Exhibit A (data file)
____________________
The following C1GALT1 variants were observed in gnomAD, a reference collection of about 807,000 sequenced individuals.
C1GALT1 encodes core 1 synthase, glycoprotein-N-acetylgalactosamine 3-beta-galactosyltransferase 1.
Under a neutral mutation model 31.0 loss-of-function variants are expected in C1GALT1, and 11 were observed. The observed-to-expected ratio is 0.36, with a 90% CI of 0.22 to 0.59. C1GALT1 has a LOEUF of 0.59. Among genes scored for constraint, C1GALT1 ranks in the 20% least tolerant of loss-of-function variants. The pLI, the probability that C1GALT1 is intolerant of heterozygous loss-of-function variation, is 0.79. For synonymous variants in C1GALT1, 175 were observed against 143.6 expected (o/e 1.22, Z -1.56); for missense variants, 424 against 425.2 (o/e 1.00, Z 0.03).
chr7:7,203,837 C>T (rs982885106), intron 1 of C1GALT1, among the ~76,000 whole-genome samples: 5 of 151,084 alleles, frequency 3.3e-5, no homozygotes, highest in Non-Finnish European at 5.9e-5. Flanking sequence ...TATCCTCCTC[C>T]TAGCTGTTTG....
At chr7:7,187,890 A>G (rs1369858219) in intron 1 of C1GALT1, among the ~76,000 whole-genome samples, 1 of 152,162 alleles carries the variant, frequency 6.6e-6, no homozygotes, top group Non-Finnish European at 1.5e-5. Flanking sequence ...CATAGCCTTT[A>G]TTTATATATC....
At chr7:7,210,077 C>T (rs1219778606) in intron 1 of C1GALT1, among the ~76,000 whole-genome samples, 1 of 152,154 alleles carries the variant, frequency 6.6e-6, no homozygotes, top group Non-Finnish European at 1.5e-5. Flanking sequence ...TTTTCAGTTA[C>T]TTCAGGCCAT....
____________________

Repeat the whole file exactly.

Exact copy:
The following C1GALT1 variants were observed in gnomAD, a reference collection of about 807,000 sequenced individuals.
C1GALT1 encodes core 1 synthase, glycoprotein-N-acetylgalactosamine 3-beta-galactosyltransferase 1.
Under a neutral mutation model 31.0 loss-of-function variants are expected in C1GALT1, and 11 were observed. The observed-to-expected ratio is 0.36, with a 90% CI of 0.22 to 0.59. C1GALT1 has a LOEUF of 0.59. Among genes scored for constraint, C1GALT1 ranks in the 20% least tolerant of loss-of-function variants. The pLI, the probability that C1GALT1 is intolerant of heterozygous loss-of-function variation, is 0.79. For synonymous variants in C1GALT1, 175 were observed against 143.6 expected (o/e 1.22, Z -1.56); for missense variants, 424 against 425.2 (o/e 1.00, Z 0.03).
chr7:7,203,837 C>T (rs982885106), intron 1 of C1GALT1, among the ~76,000 whole-genome samples: 5 of 151,084 alleles, frequency 3.3e-5, no homozygotes, highest in Non-Finnish European at 5.9e-5. Flanking sequence ...TATCCTCCTC[C>T]TAGCTGTTTG....
At chr7:7,187,890 A>G (rs1369858219) in intron 1 of C1GALT1, among the ~76,000 whole-genome samples, 1 of 152,162 alleles carries the variant, frequency 6.6e-6, no homozygotes, top group Non-Finnish European at 1.5e-5. Flanking sequence ...CATAGCCTTT[A>G]TTTATATATC....
At chr7:7,210,077 C>T (rs1219778606) in intron 1 of C1GALT1, among the ~76,000 whole-genome samples, 1 of 152,154 alleles carries the variant, frequency 6.6e-6, no homozygotes, top group Non-Finnish European at 1.5e-5. Flanking sequence ...TTTTCAGTTA[C>T]TTCAGGCCAT....